Earlier this year, a pensions administrator was subject to a ransomware attack which it managed to foil. A Finnish company that runs psychotherapy clinics across Finland was not so lucky. In this case, hackers stole 40,000 patient records. The attackers first attempted to hold the company to ransom. When this was unsuccessful, they went after the individual patients (demanding €200 in bitcoin which rose to €500 after 24 hours). Pension schemes hold a large amount of personal and sensitive personal data which could be incredibly valuable for pension scammers and cyber criminals. Trustees should make sure that they and their administrators stay on top of this constantly evolving issue.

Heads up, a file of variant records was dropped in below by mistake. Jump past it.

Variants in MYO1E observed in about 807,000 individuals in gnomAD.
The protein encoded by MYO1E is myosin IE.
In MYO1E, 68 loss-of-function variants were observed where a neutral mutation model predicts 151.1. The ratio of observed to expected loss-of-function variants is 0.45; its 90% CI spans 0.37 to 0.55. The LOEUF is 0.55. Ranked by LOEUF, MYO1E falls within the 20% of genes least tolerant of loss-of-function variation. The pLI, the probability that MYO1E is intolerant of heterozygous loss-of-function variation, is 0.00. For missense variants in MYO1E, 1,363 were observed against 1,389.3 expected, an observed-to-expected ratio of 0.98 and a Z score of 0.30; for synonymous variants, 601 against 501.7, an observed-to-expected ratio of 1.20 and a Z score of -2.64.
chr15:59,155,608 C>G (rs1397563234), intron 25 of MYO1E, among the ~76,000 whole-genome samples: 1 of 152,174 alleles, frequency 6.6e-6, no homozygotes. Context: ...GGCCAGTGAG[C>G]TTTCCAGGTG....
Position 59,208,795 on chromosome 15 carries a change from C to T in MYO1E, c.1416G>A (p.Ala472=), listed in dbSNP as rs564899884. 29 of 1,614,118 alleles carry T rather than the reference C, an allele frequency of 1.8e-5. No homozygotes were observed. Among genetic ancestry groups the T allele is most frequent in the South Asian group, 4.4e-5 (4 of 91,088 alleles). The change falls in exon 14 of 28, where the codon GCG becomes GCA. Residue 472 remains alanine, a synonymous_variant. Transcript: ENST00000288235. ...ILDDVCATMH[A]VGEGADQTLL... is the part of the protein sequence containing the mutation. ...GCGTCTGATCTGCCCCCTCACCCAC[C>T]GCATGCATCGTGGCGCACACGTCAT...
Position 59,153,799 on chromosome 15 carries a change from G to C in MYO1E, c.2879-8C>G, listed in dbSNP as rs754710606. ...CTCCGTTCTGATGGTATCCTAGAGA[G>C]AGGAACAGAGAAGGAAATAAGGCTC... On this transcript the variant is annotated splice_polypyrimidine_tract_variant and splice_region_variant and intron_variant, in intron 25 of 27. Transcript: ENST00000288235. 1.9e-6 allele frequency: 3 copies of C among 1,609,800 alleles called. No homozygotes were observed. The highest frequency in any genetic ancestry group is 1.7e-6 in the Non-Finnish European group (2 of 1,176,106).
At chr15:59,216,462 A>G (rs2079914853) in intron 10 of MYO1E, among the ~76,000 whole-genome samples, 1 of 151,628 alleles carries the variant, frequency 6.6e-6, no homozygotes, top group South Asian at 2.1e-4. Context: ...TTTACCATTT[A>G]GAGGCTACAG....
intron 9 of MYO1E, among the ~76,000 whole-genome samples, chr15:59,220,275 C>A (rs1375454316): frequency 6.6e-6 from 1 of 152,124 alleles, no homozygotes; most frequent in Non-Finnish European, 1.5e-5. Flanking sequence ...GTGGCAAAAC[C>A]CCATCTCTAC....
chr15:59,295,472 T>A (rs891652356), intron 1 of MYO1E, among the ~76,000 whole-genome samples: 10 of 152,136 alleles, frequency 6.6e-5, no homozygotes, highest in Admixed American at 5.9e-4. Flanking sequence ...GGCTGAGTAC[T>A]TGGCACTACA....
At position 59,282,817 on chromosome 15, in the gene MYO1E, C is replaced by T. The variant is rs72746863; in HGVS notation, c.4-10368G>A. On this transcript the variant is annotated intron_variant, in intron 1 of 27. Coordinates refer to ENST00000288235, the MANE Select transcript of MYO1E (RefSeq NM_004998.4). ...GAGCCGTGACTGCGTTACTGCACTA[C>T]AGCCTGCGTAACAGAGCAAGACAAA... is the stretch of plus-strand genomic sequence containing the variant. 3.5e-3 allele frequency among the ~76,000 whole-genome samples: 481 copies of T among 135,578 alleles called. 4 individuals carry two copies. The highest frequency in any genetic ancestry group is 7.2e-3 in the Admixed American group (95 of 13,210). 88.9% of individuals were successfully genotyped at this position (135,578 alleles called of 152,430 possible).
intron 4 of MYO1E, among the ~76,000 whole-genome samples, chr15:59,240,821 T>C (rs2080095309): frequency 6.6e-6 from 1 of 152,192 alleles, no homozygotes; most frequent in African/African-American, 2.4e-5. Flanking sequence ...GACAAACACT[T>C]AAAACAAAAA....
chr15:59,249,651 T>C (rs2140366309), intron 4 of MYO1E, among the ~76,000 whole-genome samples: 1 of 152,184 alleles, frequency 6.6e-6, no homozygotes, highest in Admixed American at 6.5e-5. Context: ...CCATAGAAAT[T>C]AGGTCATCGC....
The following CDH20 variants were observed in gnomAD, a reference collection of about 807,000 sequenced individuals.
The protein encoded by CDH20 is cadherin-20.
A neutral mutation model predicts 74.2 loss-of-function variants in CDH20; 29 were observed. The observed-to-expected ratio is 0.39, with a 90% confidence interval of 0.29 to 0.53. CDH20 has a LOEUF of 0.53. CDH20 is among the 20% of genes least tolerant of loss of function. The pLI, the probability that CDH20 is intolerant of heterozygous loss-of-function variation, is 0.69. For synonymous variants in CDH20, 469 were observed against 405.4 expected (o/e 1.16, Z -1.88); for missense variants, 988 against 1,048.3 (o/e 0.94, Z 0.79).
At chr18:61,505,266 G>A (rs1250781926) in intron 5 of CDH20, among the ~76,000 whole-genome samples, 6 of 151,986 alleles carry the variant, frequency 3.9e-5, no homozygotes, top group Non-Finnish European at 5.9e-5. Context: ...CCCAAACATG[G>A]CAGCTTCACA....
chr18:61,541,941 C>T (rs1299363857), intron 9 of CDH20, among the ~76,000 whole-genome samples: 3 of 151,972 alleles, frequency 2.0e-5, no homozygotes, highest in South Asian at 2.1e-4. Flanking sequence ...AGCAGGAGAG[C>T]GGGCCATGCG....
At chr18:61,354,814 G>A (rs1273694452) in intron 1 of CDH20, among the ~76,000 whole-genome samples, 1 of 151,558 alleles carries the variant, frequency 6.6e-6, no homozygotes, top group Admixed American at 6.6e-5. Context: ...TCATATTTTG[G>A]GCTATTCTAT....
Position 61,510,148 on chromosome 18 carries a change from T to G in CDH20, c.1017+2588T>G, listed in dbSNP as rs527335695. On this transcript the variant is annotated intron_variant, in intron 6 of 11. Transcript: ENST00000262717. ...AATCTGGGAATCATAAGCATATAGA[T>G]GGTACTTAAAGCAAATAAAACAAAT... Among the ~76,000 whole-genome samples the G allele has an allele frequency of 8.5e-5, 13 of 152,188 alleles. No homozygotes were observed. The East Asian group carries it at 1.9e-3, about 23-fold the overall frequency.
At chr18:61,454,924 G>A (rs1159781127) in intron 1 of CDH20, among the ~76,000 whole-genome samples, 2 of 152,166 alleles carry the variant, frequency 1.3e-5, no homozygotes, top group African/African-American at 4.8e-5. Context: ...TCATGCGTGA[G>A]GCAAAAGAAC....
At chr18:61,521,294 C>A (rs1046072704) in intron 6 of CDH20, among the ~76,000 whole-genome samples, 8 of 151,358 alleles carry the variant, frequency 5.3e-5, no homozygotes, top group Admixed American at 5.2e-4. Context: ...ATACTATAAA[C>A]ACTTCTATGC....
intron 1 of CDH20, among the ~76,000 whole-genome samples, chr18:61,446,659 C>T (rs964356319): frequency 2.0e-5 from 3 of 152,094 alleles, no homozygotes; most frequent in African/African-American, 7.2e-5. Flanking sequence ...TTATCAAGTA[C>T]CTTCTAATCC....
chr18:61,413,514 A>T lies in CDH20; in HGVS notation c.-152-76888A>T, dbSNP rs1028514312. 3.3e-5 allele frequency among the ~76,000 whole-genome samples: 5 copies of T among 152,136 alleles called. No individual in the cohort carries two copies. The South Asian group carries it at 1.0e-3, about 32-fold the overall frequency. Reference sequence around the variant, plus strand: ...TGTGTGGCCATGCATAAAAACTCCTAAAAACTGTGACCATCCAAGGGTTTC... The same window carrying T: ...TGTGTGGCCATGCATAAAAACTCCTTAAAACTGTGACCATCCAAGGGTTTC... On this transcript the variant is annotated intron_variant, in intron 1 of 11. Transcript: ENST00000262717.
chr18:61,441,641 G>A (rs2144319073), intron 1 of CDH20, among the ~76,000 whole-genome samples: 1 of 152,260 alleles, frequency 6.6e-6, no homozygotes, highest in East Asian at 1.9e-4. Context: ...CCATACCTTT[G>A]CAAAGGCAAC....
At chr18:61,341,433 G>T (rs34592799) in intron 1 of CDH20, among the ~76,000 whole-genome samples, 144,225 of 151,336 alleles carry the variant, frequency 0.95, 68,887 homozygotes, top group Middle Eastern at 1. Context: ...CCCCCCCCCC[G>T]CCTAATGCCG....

This month's main developments
TPR asks trustees to pledge to combat scams
TPR is asking pension scheme trustees, providers and administrators to sign up to a pledge to combat pensions scams. The Pension Scams Industry Group (PSIG) has participated in the development of the pledge. The pledge comes at a time when pension scams are receiving significant political and press coverage. The pledge can be made via TPR's website, by clicking on the 'make the pledge' link. Those making the pledge can then self-certify they have taken action and promise to abide by the pledge principles.
PASA issues cyber crime guidance
PASA has issued guidance on cyber crime. The guidance provides background to, and guidance on, the topic of cyber crime as it applies to pensions administrators. It also sets the scene for the strengthening of the PASA Standards in the near future.
DWP publishes statement of policy intent for guidance 'nudge'